Mitchell County is located in the mountains on the Tennessee border. The county seat is Bakersville. Mitchell County is lightly populated and isolated. It is known as the Mineral City of the World. Named for Elisha Mitchell (1818 – 1857), a professor at the University of North Carolina who died while climbing Black Dome Mountain, the state’s highest mountain, later renamed in his honor.
Mitchell was formed from parts of Burke, Caldwell, McDowell, Watauga, and Yancey counties. Those living in the isolated, rugged western part of this region held no slaves and were staunchly opposed to secession. They differed sharply from the Confederate sympathizers in the eastern parts of these counties, and after a while it was decided that they had best go their separate ways. Mitchell County was formed as a result. It was a Union stronghold for the duration of the Civil War.
Given this early history, it is not surprising that Mitchell became the strongest Republican county in the state. In fact, Mitchell is one of the few counties in the United States to have never supported a Democratic nominee for President. Only once in its history has Mitchell not voted Republican for President. That was in 1912, when the county supported Theodore Roosevelt as the Bull Moose candidate.
Mitchell County initially supported Republicans because they were the party of internal improvements and economic development, issues that were especially important to isolated mountain communities. As time passed, the Republicanism of Mitchell County, and other Appalachia counties in eastern Tennessee, was based more on heritage than any substantive issues. Hence, Mitchell resisted the realignment of the parties that occurred around the 1960s. Now, the county supports Republicans because of its strongly social conservative views, and there is no evidence that this Republicanism is subsiding. In fact, 2012 saw Mitchell as among the top three counties in North Carolina where Barack Obama’s support dropped the most from 2008. Only one other county, Yadkin, saw stronger support for Republican presidential candidate Mitt Romney.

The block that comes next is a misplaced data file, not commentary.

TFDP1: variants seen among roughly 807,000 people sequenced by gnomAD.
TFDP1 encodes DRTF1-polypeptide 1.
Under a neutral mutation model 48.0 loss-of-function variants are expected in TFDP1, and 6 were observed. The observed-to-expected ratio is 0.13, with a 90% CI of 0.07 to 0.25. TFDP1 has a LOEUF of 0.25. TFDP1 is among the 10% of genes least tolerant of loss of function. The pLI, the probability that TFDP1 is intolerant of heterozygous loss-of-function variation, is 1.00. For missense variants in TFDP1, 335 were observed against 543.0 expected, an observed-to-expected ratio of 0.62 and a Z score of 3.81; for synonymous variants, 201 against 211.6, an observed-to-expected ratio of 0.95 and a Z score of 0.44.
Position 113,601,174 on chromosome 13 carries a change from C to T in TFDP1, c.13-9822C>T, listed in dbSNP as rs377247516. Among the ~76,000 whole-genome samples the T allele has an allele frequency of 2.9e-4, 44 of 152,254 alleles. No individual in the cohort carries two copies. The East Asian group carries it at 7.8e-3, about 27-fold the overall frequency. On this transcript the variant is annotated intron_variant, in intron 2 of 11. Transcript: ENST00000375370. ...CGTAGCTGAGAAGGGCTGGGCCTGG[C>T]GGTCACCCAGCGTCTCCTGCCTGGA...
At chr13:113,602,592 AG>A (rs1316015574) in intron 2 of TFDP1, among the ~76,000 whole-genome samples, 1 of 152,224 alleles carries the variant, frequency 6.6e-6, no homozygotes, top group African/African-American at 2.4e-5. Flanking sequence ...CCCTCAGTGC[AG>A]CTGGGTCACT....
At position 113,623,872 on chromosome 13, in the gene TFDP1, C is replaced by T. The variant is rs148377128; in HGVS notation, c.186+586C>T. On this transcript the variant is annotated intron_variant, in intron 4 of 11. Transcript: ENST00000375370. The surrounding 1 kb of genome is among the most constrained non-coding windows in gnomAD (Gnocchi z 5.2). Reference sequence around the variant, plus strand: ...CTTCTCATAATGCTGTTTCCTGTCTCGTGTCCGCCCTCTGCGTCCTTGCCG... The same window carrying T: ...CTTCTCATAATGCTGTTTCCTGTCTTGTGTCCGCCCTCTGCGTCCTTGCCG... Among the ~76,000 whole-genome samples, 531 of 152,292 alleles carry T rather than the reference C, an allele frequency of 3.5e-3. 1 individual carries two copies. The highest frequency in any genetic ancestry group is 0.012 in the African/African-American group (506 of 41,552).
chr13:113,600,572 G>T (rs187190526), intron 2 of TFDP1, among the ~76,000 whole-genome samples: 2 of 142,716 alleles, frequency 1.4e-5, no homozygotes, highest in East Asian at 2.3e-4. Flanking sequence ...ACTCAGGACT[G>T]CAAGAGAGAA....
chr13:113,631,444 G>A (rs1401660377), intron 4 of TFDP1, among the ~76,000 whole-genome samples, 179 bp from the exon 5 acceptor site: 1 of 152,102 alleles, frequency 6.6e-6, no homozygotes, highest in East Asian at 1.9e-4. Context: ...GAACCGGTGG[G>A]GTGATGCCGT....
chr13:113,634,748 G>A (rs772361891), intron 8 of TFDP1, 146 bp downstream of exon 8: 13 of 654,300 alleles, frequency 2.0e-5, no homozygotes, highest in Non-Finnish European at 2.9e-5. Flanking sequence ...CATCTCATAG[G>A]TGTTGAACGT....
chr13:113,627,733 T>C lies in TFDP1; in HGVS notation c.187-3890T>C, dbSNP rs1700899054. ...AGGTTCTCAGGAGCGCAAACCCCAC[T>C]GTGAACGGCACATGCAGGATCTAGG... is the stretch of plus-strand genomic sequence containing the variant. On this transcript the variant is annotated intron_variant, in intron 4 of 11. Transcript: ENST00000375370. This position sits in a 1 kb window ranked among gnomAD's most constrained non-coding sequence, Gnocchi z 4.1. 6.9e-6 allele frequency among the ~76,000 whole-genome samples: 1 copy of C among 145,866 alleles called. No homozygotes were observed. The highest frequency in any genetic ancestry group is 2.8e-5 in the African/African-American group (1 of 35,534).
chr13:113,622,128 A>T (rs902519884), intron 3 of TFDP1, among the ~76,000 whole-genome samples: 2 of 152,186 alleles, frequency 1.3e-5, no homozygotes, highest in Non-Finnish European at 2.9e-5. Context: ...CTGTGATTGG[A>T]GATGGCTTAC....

1988: R+47 (Solid Republican)
1992: R+44 (Solid Republican)
1996: R+48 (Solid Republican)
2000: R+53 (Solid Republican)
2004: R+43 (Solid Republican)
2008: R+48 (Solid Republican)
2012: R+55 (Solid Republican)
Forecast: There is nothing in the future that indicates a decline in the Republicanism of Mitchell County. In a presidential race in a tied national election, the Republican should be favored by 55 points. It is likely that a non-Obama Democrat could do better here, but not by much.
The problem for Republicans? At less than 20,000 residents, Mitchell just doesn’t have many voters. And the 2010 census saw Mitchell County decline in population, the only western county to do so. Future projections are that Mitchell will continue to lose population, and at a higher rate. For some reason, this region of the mountains has not attracted new transplants as has been the case in the Great Smoky Mountains. Unless this changes, Mitchell is likely to continue to lose influence. One thing, however, is certain – Mitchell is going to be a Republican bastion for a long time to come.
John Wynne is the “conservative voice” at PoliticsNC, where he also provides polling analysis and commentary on legislative campaigns. When not writing about politics, he enjoys gardening and listening to opera. Contact: firstname.lastname@example.org.